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Private Mortgage Insurance Might Not Be So Bad

Purchasing a Home > Private Mortgage Insurance Might Not Be So Bad
Date: 05/08/2007    Private Mortgage Insurance Might Not Be So Bad

During the recent housing boom, mortgage lender standards were loose and homebuyers took advantage of all sorts of “exotic” loan programs in order to get into the red hot real estate market. Borrowers discarded traditional loans with private mortgage insurance (PMI) en masse and looked to 80-10-10, or piggyback loans, to solve their mortgage needs. Now that the boom has almost slowed into a slump, the use of loans with PMI is coming back into fashion.  If you are considering a home purchase in the near future, you may want to explore the benefits of this more traditional route.

PMI is insurance for the mortgage lender. A borrower with a traditional mortgage loan will be required to pay PMI if he does not make a full 20 percent down payment at the beginning. This insurance reduces the risk to the lender that she will loose money in the even that you, the borrower, should default and go into foreclosure. The money you pay to an insurance company such as major PMI underwriters Milwaukee-based MGIC Investment Corp, PMI Group Inc. in Walnut Creek, Calif., or Triad Guaranty Inc. in Winston-Salem, N.C., will provide a policy that will guarantee the lender reimbursement up to 20 percent if you do foreclose.

The alternative, the 80-10-10, actually creates two home loans to get around the PMI requirement. In this scenario, the borrower makes a 10 percent down payment, gets a traditional home loan to cover 80 percent of the home price, and also takes out a second mortgage to make up for the remaining 10 percent. The borrower does not have to make any PMI payments, but the interest rate on the second mortgage is usually an adjustable rate that can rise with the market changes and runs at least 2 percent higher than the first mortgage.

In the past few months foreclosure rates have been rising significantly among those who got non-traditional loans in the past few years, especially among those in the sub-prime or poor credit category. Accordingly mortgage lenders are becoming more cautious in their standards and are encouraging more and more homeowners to stick with the conventional PMI method. In fact, recent data from the Mortgage Insurance Companies of America in Washington D.C. proves that PMI-backed loans are returning to popularity. There were 118,214 purchase and refinance loans with PMI in February 2007, compares with 104,146 such loans in the same month of 2006.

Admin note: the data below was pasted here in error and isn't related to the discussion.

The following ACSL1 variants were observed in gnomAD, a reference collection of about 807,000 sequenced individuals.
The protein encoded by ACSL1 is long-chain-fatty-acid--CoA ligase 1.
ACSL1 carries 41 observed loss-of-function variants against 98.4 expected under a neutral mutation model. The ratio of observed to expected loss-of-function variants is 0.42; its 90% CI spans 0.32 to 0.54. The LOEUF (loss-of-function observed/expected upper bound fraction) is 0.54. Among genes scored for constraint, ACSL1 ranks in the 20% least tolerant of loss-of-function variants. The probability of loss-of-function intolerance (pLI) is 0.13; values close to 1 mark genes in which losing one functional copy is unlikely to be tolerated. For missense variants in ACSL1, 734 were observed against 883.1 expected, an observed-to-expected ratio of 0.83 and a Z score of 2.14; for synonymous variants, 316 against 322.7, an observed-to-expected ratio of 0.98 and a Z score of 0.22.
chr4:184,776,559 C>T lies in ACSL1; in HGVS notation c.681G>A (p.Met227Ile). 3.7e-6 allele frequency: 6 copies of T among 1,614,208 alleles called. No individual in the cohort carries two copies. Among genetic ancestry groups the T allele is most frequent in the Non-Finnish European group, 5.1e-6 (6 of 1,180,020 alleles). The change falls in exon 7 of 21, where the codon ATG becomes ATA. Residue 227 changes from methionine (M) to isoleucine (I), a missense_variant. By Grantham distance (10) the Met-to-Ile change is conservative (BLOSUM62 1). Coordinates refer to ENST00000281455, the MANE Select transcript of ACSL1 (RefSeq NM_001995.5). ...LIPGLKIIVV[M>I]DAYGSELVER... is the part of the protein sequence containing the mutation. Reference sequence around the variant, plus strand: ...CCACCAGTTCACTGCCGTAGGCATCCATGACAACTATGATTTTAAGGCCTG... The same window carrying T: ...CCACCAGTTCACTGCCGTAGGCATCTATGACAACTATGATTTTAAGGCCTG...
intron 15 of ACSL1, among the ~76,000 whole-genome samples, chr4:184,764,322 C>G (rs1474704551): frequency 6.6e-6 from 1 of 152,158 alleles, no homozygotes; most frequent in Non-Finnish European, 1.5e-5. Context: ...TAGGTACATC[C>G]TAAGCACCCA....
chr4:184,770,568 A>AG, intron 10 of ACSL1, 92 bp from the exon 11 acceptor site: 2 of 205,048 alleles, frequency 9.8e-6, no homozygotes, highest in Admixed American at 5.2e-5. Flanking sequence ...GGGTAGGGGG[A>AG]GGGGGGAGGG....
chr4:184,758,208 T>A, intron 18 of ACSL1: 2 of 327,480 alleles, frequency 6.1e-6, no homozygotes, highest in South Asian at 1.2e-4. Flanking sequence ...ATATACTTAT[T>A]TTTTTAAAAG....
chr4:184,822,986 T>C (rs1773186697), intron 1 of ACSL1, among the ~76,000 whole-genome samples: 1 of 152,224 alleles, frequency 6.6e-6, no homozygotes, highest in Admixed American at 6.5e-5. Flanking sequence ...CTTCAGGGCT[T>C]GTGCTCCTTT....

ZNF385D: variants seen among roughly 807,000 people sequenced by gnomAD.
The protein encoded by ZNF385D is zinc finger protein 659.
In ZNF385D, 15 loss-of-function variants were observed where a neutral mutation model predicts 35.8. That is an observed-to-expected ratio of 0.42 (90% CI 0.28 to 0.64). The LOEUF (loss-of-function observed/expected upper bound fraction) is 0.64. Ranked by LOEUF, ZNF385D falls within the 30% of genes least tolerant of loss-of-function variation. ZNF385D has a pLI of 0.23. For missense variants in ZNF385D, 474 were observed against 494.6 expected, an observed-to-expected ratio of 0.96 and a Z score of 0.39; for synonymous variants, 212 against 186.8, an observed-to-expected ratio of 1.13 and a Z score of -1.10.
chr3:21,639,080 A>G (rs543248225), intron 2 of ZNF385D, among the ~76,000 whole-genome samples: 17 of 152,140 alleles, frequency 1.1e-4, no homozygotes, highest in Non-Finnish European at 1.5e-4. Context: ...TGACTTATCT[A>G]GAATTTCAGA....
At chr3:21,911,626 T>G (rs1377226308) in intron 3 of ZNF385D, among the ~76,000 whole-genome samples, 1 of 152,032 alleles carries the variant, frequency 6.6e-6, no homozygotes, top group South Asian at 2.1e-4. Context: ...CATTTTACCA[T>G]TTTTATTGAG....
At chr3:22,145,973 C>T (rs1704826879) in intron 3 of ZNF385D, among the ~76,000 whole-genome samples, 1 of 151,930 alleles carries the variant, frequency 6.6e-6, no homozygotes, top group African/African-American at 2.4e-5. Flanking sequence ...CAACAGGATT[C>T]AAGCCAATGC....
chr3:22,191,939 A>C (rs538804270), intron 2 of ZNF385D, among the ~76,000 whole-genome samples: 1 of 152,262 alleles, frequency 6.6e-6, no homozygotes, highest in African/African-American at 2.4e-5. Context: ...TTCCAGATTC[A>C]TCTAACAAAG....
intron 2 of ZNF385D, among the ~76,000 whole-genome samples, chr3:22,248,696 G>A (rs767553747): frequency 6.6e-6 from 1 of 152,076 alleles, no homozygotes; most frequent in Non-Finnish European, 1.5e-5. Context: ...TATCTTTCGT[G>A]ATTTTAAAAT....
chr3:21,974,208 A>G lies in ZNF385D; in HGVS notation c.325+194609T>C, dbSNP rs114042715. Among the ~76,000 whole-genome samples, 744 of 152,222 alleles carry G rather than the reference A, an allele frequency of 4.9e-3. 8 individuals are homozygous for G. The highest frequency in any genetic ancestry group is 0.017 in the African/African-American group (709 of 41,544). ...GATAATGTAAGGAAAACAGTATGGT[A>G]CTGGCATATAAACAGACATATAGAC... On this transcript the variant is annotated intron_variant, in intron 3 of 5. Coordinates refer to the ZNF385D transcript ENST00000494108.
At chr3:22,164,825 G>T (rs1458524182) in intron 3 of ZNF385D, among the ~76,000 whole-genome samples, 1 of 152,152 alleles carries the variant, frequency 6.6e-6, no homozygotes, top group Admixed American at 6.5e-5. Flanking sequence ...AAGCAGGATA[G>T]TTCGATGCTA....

And this change may not be a bad thing for borrowers either. The truth is, while making PMI payments is annoying, it may be a much less risky venture than taking out two home loans initially. Plus, borrowers can stop PMI payments as soon as their equity in the home reaches 20 percent, either through paying down the principal or appreciation in the home’s value or a combination of the two. Some estimates indicate that it takes the average homeowner only about four or five years to reach that 20 percent equity mark.

This year may be especially profitable for PMI-paying homeowners as the government is allowing a one-year tax break for PMI. Those couples with a combined salary of less than $109,000 per year are eligible to deduct all or part of their PMI payments.

If you are starting your home mortgage search, you may find that making PMI payments for a few years will be well worth the decreased risk and better loan terms you will enjoy.

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